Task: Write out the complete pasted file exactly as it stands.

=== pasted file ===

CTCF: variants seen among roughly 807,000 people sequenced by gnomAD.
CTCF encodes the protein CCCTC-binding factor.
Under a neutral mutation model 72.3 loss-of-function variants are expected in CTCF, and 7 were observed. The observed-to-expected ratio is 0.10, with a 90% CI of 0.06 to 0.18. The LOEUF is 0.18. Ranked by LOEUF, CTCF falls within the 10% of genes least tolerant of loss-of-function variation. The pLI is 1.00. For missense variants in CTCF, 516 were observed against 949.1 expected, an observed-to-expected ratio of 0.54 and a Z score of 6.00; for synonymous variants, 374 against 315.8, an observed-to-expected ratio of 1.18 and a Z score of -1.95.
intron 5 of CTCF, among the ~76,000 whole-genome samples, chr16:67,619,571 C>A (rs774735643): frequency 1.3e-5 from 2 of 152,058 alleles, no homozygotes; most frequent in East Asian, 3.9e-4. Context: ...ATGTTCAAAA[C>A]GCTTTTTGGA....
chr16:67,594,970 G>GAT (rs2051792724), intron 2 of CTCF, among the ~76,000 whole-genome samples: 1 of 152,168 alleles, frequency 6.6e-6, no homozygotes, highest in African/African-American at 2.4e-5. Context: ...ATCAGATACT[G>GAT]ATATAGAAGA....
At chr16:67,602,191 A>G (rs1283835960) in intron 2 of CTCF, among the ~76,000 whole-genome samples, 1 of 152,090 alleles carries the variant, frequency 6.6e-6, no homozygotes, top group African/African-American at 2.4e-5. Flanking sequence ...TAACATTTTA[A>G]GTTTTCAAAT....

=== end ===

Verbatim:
CTCF: variants seen among roughly 807,000 people sequenced by gnomAD.
CTCF encodes the protein CCCTC-binding factor.
Under a neutral mutation model 72.3 loss-of-function variants are expected in CTCF, and 7 were observed. The observed-to-expected ratio is 0.10, with a 90% CI of 0.06 to 0.18. The LOEUF is 0.18. Ranked by LOEUF, CTCF falls within the 10% of genes least tolerant of loss-of-function variation. The pLI is 1.00. For missense variants in CTCF, 516 were observed against 949.1 expected, an observed-to-expected ratio of 0.54 and a Z score of 6.00; for synonymous variants, 374 against 315.8, an observed-to-expected ratio of 1.18 and a Z score of -1.95.
intron 5 of CTCF, among the ~76,000 whole-genome samples, chr16:67,619,571 C>A (rs774735643): frequency 1.3e-5 from 2 of 152,058 alleles, no homozygotes; most frequent in East Asian, 3.9e-4. Context: ...ATGTTCAAAA[C>A]GCTTTTTGGA....
chr16:67,594,970 G>GAT (rs2051792724), intron 2 of CTCF, among the ~76,000 whole-genome samples: 1 of 152,168 alleles, frequency 6.6e-6, no homozygotes, highest in African/African-American at 2.4e-5. Context: ...ATCAGATACT[G>GAT]ATATAGAAGA....
At chr16:67,602,191 A>G (rs1283835960) in intron 2 of CTCF, among the ~76,000 whole-genome samples, 1 of 152,090 alleles carries the variant, frequency 6.6e-6, no homozygotes, top group African/African-American at 2.4e-5. Flanking sequence ...TAACATTTTA[A>G]GTTTTCAAAT....